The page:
Take Time to S…T…R…E…T…C…H
Adults know that stretching before they exercise helps prevent the progression of the aging process such as the tightening of muscles; stretching also helps them keep their range of motion and flexibility.
Stretching before exercise is every bit as important for children, who should stretch before they get on the field or swim, dance or ride their bike—or anytime, really.
There are many philosophies about how and why a child should stretch. Ultimately, a parent must decide what works best for their child, but here are a few things to consider:
1. Know WHY they should stretch
In children, stretching muscles promotes growth and prevents injury.
Children’s bones grow first (before the muscle), which leaves the muscle, which are anchored into the growing bone, to tighten. In response to this tightness, the muscle then grows and lengthens. However, a child’s muscles are always relatively shorter than the bones, especially during a rapid growth spurt. This leads to “growing pains,” a condition created by the muscles that pull a bit and cause irritation or pain.
Stretching, even in young children who are generally more limber and loose, will help their muscles to lengthen and reduce the tension where the muscle tendon connects to the bone. If the child fails to stretch, they may get an acute tear in their muscle. Further, if their muscles remain tight, the child’s range of motion is decreased, causing them to be more prone to strains or fractures.
Marissa Bingler, PT, DPT, the Regional Clinical Director at Jag-One Physical Therapy suggests, “Stretching should be integrated into every child’s daily routine. Dedicating just ten minutes a day to an active or passive stretching program could provide great benefits including improved posture (especially important during growth spurts), decreased pain with activity and prevention of injury.’We could not agree more and advise parents to encourage their children to stretch and flex frequently, with the understanding that proper stretching doesn’t detract from their child’s formal training; rather, it enhances it and ultimately prevents injury.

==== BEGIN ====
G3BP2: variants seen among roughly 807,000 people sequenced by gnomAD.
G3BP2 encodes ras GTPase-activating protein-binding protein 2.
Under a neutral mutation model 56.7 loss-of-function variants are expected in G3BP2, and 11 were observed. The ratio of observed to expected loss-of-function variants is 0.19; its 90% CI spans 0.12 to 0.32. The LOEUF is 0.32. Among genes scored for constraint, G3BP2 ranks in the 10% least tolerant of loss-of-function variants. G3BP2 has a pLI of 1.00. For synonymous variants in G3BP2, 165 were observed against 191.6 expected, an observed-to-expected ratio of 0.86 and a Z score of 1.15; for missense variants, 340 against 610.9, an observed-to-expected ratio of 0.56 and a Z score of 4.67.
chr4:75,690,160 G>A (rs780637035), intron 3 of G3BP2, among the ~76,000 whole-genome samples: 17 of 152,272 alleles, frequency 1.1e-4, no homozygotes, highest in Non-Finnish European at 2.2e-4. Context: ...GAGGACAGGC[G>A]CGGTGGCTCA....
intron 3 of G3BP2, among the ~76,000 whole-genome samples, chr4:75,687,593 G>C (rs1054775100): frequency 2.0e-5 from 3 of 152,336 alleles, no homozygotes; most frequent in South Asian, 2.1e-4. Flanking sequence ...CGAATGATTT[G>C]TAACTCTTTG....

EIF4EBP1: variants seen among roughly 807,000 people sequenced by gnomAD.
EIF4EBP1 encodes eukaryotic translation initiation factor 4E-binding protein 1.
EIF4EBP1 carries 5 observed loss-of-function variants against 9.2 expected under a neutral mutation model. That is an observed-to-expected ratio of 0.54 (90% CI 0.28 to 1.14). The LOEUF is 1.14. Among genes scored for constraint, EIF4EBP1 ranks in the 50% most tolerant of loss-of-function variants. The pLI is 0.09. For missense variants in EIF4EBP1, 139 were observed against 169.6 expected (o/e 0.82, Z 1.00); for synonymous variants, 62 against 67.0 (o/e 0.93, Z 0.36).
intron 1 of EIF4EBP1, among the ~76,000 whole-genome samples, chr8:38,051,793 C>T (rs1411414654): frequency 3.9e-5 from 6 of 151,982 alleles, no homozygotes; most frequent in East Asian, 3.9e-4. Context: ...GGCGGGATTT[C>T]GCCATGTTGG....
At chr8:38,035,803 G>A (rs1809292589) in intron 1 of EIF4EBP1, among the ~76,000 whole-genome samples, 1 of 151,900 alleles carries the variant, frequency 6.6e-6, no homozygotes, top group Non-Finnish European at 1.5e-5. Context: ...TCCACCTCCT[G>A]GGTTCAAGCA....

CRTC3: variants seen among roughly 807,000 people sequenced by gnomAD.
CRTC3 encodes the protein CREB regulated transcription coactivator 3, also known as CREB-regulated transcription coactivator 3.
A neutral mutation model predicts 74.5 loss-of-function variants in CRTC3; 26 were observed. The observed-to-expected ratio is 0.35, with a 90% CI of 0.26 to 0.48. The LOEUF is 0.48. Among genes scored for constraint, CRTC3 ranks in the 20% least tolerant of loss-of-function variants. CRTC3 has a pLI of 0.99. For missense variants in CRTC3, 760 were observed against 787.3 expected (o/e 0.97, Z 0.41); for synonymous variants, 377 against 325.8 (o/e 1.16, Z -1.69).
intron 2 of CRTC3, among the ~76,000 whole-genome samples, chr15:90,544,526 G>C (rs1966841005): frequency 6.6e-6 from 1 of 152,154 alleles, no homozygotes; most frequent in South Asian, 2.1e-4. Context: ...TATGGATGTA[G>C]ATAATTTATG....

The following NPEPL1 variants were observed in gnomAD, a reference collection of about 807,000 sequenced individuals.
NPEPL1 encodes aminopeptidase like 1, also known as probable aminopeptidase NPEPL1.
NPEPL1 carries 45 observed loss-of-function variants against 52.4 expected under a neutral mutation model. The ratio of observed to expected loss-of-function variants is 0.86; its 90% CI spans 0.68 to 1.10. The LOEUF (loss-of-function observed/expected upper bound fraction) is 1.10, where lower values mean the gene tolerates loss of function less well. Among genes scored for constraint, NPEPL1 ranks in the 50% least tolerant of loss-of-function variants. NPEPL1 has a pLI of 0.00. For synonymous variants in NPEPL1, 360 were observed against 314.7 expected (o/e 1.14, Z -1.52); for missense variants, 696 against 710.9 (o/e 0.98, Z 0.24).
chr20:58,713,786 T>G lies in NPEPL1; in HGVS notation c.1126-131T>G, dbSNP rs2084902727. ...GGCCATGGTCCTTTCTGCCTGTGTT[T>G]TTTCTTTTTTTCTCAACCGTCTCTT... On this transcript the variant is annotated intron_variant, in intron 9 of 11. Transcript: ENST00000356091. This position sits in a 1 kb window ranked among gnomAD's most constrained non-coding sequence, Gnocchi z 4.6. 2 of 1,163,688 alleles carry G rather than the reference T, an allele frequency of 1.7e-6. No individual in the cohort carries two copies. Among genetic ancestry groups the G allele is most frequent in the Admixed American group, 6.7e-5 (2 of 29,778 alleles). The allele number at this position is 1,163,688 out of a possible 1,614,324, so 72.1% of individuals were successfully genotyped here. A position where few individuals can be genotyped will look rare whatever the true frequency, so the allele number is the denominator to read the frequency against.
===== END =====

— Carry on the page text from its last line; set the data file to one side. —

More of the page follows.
2. Know HOW they should stretch
There are different pediatric stretching techniques—dynamic and active versus static and passive—and many different theories about how and when one should stretch.
For example, proprioceptive neuromuscular facilitation – or PNF – is a stretching technique that combines passive stretching and isometric stretching for maximum flexibility. This more advanced form of flexibility training involves both the stretching and contracting of the target muscle group and is highly effective for improving flexibility and increasing range of motion and muscle strength.
In our practice, we advise that children do both active (with motion) and passive (more static) stretching before engaging in a sport or physical activity as follows:
- Active stretching exercises before they are active or play a sport; these may include jumping jacks, gentle lunges, squats, and moving their arms and ankles in circles, followed by
- Passive stretches allow young athletes to focus on specific muscle groups; they may be quadricep, calf or arm-overhead stretches, the child’s pose, or cat-cow yoga poses, or simply bending down to touch the toes.
After the activity or sport, children should do additional passive stretches to keep their muscles long and limber. We recommend that parents refer to a book called “Stretching” by Bob Anderson for more ideas about the kinds of active and passive stretches your child can do.
Stretching After Injury or Treatment
When a child gets injured, their muscles shorten and tighten once again. A physical therapist or athletic trainer may apply heat and do some gentle stretching to rehabilitate the muscles. If a child needs surgery to repair an injury like a torn ACL or to treat specific congenital conditions like scoliosis or arthrogryposis, a physical therapist can help rehabilitate their muscles and improve mobility through passive stretching.
“Elongating proper soft tissue structures, not only at the injury site, but also the surrounding areas, will provide neuromuscular feedback to the brain and set up the rehabilitation for success. Stretching can help to allow the muscles to lengthen and therefore efficiently increase the load capacity of those ““structures,” noted Adam Gresh, PT, DPT, CSCS, Director of Physical Therapy at SportsCare Physical Therapy. Read more stretching tips in “Benefits of Warming Up & Top Stretching Tips.”
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At The Pediatric Orthopedic Center, we collaborate with several physical therapists who specialize in working with children who’ve been injured playing sports or who require physical therapy following orthopedic surgery. Contact us for a consultation to determine if physical therapy referral is needed for your child, or to discuss other ways to keep your young athlete limber and growing strong in the best way possible.